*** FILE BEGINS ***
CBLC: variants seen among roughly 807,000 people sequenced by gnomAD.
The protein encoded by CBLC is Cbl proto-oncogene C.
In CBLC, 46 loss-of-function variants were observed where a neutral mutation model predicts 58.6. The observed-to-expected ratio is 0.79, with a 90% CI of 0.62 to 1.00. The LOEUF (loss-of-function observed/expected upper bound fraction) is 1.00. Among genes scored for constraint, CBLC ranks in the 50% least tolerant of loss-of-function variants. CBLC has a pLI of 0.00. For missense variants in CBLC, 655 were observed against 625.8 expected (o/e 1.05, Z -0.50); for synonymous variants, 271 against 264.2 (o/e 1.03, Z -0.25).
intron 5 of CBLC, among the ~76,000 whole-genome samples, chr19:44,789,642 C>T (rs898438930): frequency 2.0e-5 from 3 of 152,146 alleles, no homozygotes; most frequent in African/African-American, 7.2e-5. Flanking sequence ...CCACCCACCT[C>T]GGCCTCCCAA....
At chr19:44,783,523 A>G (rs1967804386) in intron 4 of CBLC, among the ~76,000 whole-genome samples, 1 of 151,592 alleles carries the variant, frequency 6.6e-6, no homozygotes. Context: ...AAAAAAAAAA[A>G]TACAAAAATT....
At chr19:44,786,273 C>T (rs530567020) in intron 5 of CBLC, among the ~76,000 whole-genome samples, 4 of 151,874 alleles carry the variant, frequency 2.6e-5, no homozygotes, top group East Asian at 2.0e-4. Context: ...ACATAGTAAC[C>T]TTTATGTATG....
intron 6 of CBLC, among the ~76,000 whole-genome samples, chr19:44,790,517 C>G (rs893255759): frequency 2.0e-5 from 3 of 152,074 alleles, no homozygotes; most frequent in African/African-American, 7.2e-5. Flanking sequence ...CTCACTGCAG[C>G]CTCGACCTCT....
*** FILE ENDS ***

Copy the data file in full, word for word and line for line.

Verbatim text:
CBLC: variants seen among roughly 807,000 people sequenced by gnomAD.
The protein encoded by CBLC is Cbl proto-oncogene C.
In CBLC, 46 loss-of-function variants were observed where a neutral mutation model predicts 58.6. The observed-to-expected ratio is 0.79, with a 90% CI of 0.62 to 1.00. The LOEUF (loss-of-function observed/expected upper bound fraction) is 1.00. Among genes scored for constraint, CBLC ranks in the 50% least tolerant of loss-of-function variants. CBLC has a pLI of 0.00. For missense variants in CBLC, 655 were observed against 625.8 expected (o/e 1.05, Z -0.50); for synonymous variants, 271 against 264.2 (o/e 1.03, Z -0.25).
intron 5 of CBLC, among the ~76,000 whole-genome samples, chr19:44,789,642 C>T (rs898438930): frequency 2.0e-5 from 3 of 152,146 alleles, no homozygotes; most frequent in African/African-American, 7.2e-5. Flanking sequence ...CCACCCACCT[C>T]GGCCTCCCAA....
At chr19:44,783,523 A>G (rs1967804386) in intron 4 of CBLC, among the ~76,000 whole-genome samples, 1 of 151,592 alleles carries the variant, frequency 6.6e-6, no homozygotes. Context: ...AAAAAAAAAA[A>G]TACAAAAATT....
At chr19:44,786,273 C>T (rs530567020) in intron 5 of CBLC, among the ~76,000 whole-genome samples, 4 of 151,874 alleles carry the variant, frequency 2.6e-5, no homozygotes, top group East Asian at 2.0e-4. Context: ...ACATAGTAAC[C>T]TTTATGTATG....
intron 6 of CBLC, among the ~76,000 whole-genome samples, chr19:44,790,517 C>G (rs893255759): frequency 2.0e-5 from 3 of 152,074 alleles, no homozygotes; most frequent in African/African-American, 7.2e-5. Flanking sequence ...CTCACTGCAG[C>G]CTCGACCTCT....